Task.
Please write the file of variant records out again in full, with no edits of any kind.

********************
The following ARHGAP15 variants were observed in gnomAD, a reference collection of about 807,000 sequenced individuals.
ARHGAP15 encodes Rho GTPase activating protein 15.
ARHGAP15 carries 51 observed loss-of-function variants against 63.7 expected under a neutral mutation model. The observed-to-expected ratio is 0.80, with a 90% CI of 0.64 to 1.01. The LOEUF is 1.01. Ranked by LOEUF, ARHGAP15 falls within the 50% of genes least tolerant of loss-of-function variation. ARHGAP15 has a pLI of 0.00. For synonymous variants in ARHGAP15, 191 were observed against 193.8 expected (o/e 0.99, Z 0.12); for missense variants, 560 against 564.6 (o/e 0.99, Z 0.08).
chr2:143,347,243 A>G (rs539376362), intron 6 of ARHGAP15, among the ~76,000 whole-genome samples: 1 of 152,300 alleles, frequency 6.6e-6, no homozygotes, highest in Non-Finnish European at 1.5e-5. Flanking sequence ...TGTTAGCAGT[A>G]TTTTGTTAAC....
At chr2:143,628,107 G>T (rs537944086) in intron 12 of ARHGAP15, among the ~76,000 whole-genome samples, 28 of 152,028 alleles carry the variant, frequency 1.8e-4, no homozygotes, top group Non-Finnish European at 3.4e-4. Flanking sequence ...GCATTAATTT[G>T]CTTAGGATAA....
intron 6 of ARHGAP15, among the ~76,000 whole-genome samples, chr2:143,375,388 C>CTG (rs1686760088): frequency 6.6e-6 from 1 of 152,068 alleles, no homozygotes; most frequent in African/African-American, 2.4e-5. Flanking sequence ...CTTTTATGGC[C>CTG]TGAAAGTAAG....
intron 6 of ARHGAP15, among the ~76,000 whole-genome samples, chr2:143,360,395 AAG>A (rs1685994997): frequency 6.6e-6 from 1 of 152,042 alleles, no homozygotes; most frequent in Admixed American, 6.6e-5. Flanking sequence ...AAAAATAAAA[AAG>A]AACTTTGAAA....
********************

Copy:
The following ARHGAP15 variants were observed in gnomAD, a reference collection of about 807,000 sequenced individuals.
ARHGAP15 encodes Rho GTPase activating protein 15.
ARHGAP15 carries 51 observed loss-of-function variants against 63.7 expected under a neutral mutation model. The observed-to-expected ratio is 0.80, with a 90% CI of 0.64 to 1.01. The LOEUF is 1.01. Ranked by LOEUF, ARHGAP15 falls within the 50% of genes least tolerant of loss-of-function variation. ARHGAP15 has a pLI of 0.00. For synonymous variants in ARHGAP15, 191 were observed against 193.8 expected (o/e 0.99, Z 0.12); for missense variants, 560 against 564.6 (o/e 0.99, Z 0.08).
chr2:143,347,243 A>G (rs539376362), intron 6 of ARHGAP15, among the ~76,000 whole-genome samples: 1 of 152,300 alleles, frequency 6.6e-6, no homozygotes, highest in Non-Finnish European at 1.5e-5. Flanking sequence ...TGTTAGCAGT[A>G]TTTTGTTAAC....
At chr2:143,628,107 G>T (rs537944086) in intron 12 of ARHGAP15, among the ~76,000 whole-genome samples, 28 of 152,028 alleles carry the variant, frequency 1.8e-4, no homozygotes, top group Non-Finnish European at 3.4e-4. Flanking sequence ...GCATTAATTT[G>T]CTTAGGATAA....
intron 6 of ARHGAP15, among the ~76,000 whole-genome samples, chr2:143,375,388 C>CTG (rs1686760088): frequency 6.6e-6 from 1 of 152,068 alleles, no homozygotes; most frequent in African/African-American, 2.4e-5. Flanking sequence ...CTTTTATGGC[C>CTG]TGAAAGTAAG....
intron 6 of ARHGAP15, among the ~76,000 whole-genome samples, chr2:143,360,395 AAG>A (rs1685994997): frequency 6.6e-6 from 1 of 152,042 alleles, no homozygotes; most frequent in Admixed American, 6.6e-5. Flanking sequence ...AAAAATAAAA[AAG>A]AACTTTGAAA....